Hutchinson The path natural gas used to commute from storage caverns to the city of Hutchinson might be as difficult to detect as the gas itself.
An eight-member team of the Lawrence-based Kansas Geological Survey has been in the area since Wednesday, producing a map of underground formations west of Hutchinson, trying to discover how gas could get to the city from Yaggy field, the natural gas caverns that are thought to have leaked gas, leading to two explosions and two deaths.
Rex Buchanan, Kansas Geological Survey
"The problem with all of this is you're dealing with what you can't see," said Rex Buchanan, the survey's associate director of public outreach.
The workers are using a large truck that sends seismic waves hundreds of feet into the ground. The waves bounce off underground formations and are recorded back at the surface by microphone-like receivers, which send the information to computer equipment stored on a vehicle resembling a golf cart.
The results return in the form of wavy lines representing layers of rock, water and salt. Experts are hoping to locate a route that gas could have traveled to Hutchinson, such as an ancient waterway that was covered by rock millions of years ago. Finding such a canal would help Kansas Gas Service officials know where to locate wells to vent the natural gas. In some cases, the equipment can locate the natural gas itself.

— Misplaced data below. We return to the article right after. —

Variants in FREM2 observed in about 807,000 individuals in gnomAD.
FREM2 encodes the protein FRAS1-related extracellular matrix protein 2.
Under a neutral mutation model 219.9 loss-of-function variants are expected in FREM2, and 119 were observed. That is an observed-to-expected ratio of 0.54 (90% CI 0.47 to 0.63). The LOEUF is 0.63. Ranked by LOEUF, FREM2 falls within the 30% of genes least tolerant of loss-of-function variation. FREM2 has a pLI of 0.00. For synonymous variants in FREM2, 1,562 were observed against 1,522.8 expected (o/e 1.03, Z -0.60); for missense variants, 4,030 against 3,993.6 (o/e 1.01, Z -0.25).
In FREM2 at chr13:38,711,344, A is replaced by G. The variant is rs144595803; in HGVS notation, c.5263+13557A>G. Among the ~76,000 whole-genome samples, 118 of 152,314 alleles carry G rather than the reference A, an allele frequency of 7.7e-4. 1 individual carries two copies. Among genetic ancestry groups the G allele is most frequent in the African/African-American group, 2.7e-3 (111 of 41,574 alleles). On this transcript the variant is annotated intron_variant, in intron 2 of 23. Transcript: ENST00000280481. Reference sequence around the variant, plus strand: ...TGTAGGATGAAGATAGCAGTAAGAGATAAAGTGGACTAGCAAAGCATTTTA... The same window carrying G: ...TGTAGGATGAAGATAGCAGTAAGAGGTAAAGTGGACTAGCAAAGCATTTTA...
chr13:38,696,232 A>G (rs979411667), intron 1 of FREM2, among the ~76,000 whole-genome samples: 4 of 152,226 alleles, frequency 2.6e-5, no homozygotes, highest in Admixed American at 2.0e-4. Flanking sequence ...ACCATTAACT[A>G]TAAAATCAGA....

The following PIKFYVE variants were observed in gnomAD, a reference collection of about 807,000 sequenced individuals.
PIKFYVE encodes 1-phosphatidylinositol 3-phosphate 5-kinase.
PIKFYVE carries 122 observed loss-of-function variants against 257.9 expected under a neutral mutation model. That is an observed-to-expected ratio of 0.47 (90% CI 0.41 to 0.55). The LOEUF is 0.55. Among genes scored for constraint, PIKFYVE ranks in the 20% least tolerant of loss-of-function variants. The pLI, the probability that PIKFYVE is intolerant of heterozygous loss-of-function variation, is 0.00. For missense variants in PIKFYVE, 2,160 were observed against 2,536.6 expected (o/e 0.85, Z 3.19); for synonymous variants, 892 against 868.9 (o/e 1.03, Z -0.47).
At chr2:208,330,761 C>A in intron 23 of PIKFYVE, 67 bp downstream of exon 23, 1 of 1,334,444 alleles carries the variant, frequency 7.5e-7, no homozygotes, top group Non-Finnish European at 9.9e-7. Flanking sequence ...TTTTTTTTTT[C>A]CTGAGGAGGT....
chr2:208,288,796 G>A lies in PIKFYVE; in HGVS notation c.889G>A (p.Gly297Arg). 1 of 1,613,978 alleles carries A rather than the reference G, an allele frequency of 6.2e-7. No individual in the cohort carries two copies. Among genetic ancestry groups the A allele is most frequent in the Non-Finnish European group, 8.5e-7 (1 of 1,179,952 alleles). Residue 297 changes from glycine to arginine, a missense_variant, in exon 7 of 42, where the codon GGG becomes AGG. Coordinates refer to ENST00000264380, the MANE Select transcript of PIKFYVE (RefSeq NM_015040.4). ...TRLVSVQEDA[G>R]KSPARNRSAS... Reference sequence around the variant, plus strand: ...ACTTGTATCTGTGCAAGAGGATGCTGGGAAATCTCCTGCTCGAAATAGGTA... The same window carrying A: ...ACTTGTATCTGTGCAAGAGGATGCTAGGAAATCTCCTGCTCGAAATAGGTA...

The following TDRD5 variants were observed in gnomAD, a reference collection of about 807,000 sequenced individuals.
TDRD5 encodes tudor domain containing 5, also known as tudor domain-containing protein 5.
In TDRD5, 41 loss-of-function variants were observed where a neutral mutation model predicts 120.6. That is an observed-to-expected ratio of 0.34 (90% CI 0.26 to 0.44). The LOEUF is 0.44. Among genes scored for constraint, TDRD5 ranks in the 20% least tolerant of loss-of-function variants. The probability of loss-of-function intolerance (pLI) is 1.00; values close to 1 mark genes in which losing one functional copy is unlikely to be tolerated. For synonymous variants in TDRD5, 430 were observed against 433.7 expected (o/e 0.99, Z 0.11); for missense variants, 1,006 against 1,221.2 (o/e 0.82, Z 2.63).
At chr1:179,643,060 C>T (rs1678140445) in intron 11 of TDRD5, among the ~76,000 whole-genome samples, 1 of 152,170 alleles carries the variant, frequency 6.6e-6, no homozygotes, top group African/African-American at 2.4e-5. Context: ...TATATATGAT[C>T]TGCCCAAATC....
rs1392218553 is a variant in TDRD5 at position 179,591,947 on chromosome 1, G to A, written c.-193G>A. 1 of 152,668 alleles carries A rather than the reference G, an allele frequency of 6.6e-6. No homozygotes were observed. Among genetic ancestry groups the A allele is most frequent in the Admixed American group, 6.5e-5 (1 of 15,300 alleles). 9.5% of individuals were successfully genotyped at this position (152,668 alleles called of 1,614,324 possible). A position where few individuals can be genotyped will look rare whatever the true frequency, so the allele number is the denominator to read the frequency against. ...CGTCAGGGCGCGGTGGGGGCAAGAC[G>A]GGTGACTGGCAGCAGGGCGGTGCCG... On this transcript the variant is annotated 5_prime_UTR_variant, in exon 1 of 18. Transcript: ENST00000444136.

The survey's equipment has been used in the Hutchinson area to locate sinkholes caused by dissolved salt deposits, Buchanan said. But this is the first time for the survey to work on a project like this, he said.
Buchanan said workers hoped to complete the seismic readings on a four-mile strip of land by Tuesday.
He said survey worker Rich Miller has been doing preliminary analysis of the data each evening after testing is complete.
"If he doesn't see something, they'll pack up and leave," Buchanan said. "If they see something, we'll wait and see."